I have worked at the Smithsonian Gallery of Art/Portrait Gallery for the past 16 years. I love that area and can ride my bike down in 15 minutes! Business owners must make a living or they will close. How about some creative thinking? The Gallery is open until 7 pm,,, perhaps in summer, more tours could be set up for young people. The Verizon Center has lots of open space...perhaps some could be open to and for young people...say twice a month...dancing, lectures, music, etc.The MLK library is near and has lots of open space...Also, our Convention Center and old Carnegie Library are near. And, yes the Mall is near. Perhaps a summer tent where young people can enjoy different music events from area schools? Yes, who will pay for the adults/chaperones to keep an eye on the kids? Volunteers?

Posted by: judithclaire1939 | September 1, 2010 5:57 PM | Report abuse

Typical profit-obsessed mindset: if something stands in the way of your bottom line, just apply whatever quick fix works...for you. Don't give a cr@p about what might happen to anyone else passing by, or to anyone that some of the targeted people might care to bother or harm as they leave your property, appropriately annoyed.

Why not just zap them with tazers? How about enclosing those who hang out within a fenced-off area? Make that fence an electric one while you're at it. Motion-activated pellet guns? Strategically-timed smoke bombs? Arsenic in their Big Gulps? Why not?

Certainly the people who are hanging around would take the high road and refuse to retaliate, right?

I teach autistic preschoolers, some of whom are hypersensitive to sound--even sounds the rest of us cannot hear. I can assure you this sort of practice IS dangerous, cruel, and unethical.

Posted by: EdgewoodVA | September 1, 2010 6:10 PM | Report abuse

Teenagers are already losing their hearing at an alarming rate. Your paper ran a story on it less than two weeks ago. See http://voices.washingtonpost.com/checkup/2010/08/teen_hearing_loss_on_the_rise.html

The "should be audible" chart will change as hearing loss at specific frequencies occurs and those frequencies drop out of the public's audible range. How close to tinnitus is your average teenager given the hearing loss they are already experiencing from tech devices? DC wants to find out, it seems. Then the city can have a significant number of law suits filed against it, claiming hearing loss from the "teenage repellent" devices.

Stop abusing the public with experimental technologies as though at-risk youth are dogs or pests to be swatted away, and as though the "should be audible" chart is a one-size-fits-all given. I read a comment above that a 40 year old posting saying she can hear the sounds and it is very annoying. Maybe it is hitting a frequency range she has already damaged, and is it doing even more damage, then, to that not-your-average ear of hers? If I were her, I would start documenting dates and times of entering that metro station...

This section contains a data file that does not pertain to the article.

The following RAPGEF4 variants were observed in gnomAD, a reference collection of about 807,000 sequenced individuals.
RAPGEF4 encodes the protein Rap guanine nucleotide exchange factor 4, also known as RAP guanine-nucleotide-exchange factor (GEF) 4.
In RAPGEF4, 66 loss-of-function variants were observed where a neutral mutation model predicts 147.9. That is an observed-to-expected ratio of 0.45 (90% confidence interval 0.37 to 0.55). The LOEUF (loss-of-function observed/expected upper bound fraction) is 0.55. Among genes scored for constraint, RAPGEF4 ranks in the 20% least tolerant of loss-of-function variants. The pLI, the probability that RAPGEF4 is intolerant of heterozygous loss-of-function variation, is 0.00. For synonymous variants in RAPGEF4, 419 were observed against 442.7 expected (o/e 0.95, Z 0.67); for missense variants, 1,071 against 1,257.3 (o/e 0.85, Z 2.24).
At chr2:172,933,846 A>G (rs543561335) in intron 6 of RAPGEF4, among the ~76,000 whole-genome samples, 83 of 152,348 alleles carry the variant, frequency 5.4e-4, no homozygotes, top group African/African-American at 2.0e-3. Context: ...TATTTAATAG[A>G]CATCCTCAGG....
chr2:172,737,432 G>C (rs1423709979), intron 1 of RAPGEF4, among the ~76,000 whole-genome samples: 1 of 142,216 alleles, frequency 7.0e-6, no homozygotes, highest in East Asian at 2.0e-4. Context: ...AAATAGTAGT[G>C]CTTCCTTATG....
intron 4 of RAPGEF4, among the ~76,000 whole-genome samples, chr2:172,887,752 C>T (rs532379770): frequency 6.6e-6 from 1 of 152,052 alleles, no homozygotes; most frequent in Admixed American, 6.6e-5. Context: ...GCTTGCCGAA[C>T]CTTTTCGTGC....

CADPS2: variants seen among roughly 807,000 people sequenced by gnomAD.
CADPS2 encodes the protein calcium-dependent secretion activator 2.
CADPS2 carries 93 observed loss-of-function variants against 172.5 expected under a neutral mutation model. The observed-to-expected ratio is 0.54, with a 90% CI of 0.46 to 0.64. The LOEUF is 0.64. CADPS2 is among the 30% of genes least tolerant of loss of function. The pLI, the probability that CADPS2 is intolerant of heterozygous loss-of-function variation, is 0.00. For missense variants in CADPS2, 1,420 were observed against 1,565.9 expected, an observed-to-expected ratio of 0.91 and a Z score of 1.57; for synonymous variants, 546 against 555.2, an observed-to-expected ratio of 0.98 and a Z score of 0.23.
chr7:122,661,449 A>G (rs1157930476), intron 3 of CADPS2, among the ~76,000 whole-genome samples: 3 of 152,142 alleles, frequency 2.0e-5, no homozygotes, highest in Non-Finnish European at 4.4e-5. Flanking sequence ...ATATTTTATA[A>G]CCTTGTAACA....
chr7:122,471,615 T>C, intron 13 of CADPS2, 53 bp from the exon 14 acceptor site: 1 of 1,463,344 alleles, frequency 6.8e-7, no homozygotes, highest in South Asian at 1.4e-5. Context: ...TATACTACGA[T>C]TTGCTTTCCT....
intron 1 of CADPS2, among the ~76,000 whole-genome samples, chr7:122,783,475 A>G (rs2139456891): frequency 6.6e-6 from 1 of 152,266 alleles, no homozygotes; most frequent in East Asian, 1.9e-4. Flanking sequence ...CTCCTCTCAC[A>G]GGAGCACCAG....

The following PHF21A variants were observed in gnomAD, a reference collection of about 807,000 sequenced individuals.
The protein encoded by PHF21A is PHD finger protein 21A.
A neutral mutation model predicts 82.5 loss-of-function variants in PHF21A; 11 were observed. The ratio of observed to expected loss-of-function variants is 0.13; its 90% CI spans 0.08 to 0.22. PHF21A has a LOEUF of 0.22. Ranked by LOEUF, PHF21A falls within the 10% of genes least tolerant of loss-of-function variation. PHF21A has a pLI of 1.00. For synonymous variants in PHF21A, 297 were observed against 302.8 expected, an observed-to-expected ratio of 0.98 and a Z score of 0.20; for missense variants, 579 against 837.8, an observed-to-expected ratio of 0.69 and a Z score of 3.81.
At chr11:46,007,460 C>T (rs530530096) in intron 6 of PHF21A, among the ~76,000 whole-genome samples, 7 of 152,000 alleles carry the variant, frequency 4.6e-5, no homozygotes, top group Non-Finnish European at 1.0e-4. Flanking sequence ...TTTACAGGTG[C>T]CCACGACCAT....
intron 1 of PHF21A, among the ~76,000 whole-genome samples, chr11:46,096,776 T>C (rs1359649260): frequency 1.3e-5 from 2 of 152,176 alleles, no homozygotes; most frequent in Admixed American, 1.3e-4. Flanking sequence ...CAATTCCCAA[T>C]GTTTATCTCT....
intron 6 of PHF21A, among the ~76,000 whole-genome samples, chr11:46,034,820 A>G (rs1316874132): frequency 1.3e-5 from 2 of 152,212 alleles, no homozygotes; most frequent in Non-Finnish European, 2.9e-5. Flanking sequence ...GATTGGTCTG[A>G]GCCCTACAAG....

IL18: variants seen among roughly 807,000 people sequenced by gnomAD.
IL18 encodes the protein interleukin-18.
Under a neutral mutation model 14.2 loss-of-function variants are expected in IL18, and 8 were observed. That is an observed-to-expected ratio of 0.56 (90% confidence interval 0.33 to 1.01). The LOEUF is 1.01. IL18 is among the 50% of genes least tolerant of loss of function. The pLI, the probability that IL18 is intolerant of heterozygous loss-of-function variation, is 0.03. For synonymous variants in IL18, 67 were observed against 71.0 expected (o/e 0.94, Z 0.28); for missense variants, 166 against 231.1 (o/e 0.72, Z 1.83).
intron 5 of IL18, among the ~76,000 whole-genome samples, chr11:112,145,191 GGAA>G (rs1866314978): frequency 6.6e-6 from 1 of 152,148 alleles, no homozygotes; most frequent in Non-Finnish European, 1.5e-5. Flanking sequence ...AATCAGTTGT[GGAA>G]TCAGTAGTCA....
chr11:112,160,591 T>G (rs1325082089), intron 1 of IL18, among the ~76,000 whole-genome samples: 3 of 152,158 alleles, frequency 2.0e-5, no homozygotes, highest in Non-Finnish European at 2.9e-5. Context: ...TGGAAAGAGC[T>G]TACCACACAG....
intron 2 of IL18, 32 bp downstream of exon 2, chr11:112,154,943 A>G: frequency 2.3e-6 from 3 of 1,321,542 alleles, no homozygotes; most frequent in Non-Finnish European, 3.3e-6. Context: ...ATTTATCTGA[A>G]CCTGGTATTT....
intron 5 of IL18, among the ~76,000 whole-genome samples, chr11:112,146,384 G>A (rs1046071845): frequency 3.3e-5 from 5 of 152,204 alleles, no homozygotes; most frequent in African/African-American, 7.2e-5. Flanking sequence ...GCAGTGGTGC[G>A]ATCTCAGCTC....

Posted by: rubyredshoes | September 1, 2010 6:16 PM | Report abuse

Back in the day my friends and I would have been told in a respectful way to "move on" by the local beat cop. And if we didn't move quick enough, God help us!

Posted by: JAH3 | September 1, 2010 6:31 PM | Report abuse

Hard of hearing, early 20s here. Can't hear most of them (the first two, for senior citizens, I can hear--barely).

So, um, no, won't work on anyone like me. And a lot of teens now have worse hearing than their elders, because of earbuds. My hearing loss is natural, just a disability from birth. However, it means I've spent a lot of time in audiologist offices, and it's taught me a lot about how hearing works.

Teens will either drown out the noise or use insulated earbuds. Seniors who can hear the sound will be very irritated. And it won't work for very long, because the youngest generation will simply get used to it. Hearing adapts to situations very well, so if this sound is constant where a person wants to be, then the hearing will adapt to filter it out. This is the same phenomenon that makes you hear poorly after a concert.

Surely teenagers aren't all that scary. Do adults now lack the authority to confront a teenager who has overstepped a boundary?

Posted by: whiteflame128 | September 1, 2010 7:51 PM | Report abuse

This sounds like much ado about nothing. It's not like the mall owner is spraying acid on people standing outside the doors. This is a simple, non-lethal MILDLY ANNOYING sound that goes away if you move away from the entrance doors. It seems to me that this is a great solution that peacefully moves the crowd away from this favored hang out spot.
And if I am reading the article correctly, the noise is inaudible as soon as you go inside. So the only people who will be annoyed are those who choose to remain within the sound radius and those who walk by for a few seconds.

Posted by: fezini | September 1, 2010 8:09 PM | Report abuse

I'm hoping the aforementioned shortcomings in laptop PCs' sound reproduction capabilities are true, since, at 47, the only one I could hear was the 11kHz tone.

Posted by: OttoDog | September 2, 2010 9:38 AM | Report abuse